Many of these issues originate from paper timekeeping. It’s hard to believe so many firms still rely on paper timesheets while simultaneously embracing tablets, mobile phones, and cloud solutions. Paper systems do not create a reliable audit trail when audit time arises.
For many companies using contractors and vendors, validating the hours that resources spend on-site completing the contracted work is difficult. Timesheets for labor, equipment, and material resources are signed by owner-company representatives and used as a backup during the invoicing process.
You may have an accountable party within your organization who confirms work was performed per the timesheet. However, paper-based timesheets are not based on access control information (gate log data), but instead by a foreman or supervisors documenting total hours based on personal devices such as a watch.
In addition, the need to collect a physical signature can cause team members to perform the unproductive task of finding the accountable person on-site. This person is typically in the field managing multiple jobs in various locations.
Common inaccuracies in timesheets that later turn up in audits include:
- Manual process errors
- Lack of verification for labor, equipment, and material charges
- Lack of contract and skill compliance
As a result, it’s common for audits to show invoices were paid even though they don’t comply with Rates, Terms, and Conditions.
Ensuring Contract Compliance for Audits
Applying the correct, contractually allowed multipliers to hours worked may seem straightforward. But it’s hard when each invoice contains dozens of variables, such as labor classifications, shift schedules, and pay rates.
Say you’re dealing with thousands of vendors, unique contracts, dozens of labor classifications, multiple pay rates, and multiple sites—this all adds up to:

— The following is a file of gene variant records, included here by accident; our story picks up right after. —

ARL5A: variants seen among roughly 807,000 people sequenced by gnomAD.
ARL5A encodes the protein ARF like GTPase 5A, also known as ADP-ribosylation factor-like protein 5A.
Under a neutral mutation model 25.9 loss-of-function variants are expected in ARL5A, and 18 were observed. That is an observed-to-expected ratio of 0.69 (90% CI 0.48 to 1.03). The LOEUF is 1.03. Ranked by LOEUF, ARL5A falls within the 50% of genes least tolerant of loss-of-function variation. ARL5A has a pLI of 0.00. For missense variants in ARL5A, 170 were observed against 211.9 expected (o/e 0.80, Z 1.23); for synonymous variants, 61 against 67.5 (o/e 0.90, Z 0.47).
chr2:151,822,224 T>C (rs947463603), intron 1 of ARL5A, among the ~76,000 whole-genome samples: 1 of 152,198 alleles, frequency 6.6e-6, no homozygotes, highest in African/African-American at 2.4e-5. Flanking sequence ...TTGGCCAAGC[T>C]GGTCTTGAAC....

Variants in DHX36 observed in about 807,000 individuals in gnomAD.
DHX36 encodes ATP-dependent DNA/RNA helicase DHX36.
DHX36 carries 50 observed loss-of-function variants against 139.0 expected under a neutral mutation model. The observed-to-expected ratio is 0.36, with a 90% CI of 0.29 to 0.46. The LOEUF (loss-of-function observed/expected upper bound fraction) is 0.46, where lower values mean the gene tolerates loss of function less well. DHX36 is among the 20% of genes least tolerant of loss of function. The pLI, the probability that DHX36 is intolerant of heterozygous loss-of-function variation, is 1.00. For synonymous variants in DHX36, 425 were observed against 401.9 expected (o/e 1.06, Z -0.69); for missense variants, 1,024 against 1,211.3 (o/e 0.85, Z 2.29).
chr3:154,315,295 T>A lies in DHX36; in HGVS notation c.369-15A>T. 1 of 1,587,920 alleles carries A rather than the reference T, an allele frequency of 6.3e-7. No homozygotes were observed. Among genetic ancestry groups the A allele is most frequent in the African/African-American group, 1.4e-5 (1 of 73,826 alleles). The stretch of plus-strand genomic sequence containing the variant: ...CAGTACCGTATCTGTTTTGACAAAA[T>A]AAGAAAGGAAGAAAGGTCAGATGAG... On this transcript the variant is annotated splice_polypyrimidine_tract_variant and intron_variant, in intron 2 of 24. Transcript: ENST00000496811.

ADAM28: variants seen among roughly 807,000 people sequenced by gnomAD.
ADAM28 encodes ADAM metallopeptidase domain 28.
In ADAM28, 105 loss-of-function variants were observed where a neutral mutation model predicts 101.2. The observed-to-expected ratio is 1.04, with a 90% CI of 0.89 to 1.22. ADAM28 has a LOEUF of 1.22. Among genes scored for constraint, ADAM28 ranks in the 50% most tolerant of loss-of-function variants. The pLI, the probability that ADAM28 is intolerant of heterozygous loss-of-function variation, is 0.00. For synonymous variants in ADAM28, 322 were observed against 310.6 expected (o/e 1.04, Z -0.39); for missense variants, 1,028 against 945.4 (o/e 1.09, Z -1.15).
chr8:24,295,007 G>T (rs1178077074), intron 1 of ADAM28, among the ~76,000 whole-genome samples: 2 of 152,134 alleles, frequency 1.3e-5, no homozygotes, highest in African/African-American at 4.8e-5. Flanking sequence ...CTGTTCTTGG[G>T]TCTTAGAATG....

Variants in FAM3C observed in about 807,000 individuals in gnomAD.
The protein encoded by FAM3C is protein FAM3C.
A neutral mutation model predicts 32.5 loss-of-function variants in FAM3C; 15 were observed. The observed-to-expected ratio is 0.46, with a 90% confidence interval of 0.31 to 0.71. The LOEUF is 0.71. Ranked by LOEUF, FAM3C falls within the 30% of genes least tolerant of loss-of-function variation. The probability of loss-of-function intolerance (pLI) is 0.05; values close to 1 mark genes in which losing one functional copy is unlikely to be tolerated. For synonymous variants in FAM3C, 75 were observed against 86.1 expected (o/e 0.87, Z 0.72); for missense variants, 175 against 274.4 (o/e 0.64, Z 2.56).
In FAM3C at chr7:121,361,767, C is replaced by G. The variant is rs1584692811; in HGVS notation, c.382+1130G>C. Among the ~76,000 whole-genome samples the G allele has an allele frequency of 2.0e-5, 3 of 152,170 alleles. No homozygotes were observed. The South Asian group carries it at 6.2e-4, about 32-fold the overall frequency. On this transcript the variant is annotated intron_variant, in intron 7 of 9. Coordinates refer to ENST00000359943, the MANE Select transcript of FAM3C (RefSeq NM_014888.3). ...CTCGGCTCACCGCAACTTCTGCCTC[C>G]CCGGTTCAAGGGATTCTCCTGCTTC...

- Lack of control
- Lack of contract compliance
The secret to overcoming this issue and saving millions of dollars annually? Using a solution to automate the application of contract Rates, Terms & Conditions to work hours. This automation reduces the probability of human errors, such as mistakes in data entry, failing to pay the lowest rate for equipment, or double billing for the same worker or piece of equipment.
Even better—you should choose a digital solution that integrates with your company’s ERP system, so it imports and applies the correct Rates, Terms, and Conditions.
Not only should those in the heavy asset industry consider digital solutions for audit purposes, but it could also boost their profit margins. McKinsey notes manufacturing digitization could increase profit margins by 3% to 5% if firms can scale these technologies.
Close Your Audit Gaps with TRACK
Shutdowns, turnarounds, and outages typically last 60 days and can cost around $50 million to complete. Of those projects, McKinsey estimates the majority will be 80% over budget and take 20% longer to complete than forecast.
Clearly, the cost of not automating contractor spend is high. Not just in missed deadlines and overspent budget but having to endure the fallout from a bad audit. Many companies choose the TRACK Platform to prevent discrepancies between invoiced hours and CTS hours, thus avoiding bad audits.
With TRACK, you can error-proof the process for validating contractor work hours. TRACK data is a true accounting of the hours contractors spend at the work location as provided by a company’s access control system (ACS). The contractors and owner have agreed to use badge-in/badge-out events as the single measurement method of time on-site.
Ready to take control and close your audit gaps with TRACK? Consistently paying contractors accurately can be worth millions of dollars annually and improve operational efficiency. Get started now.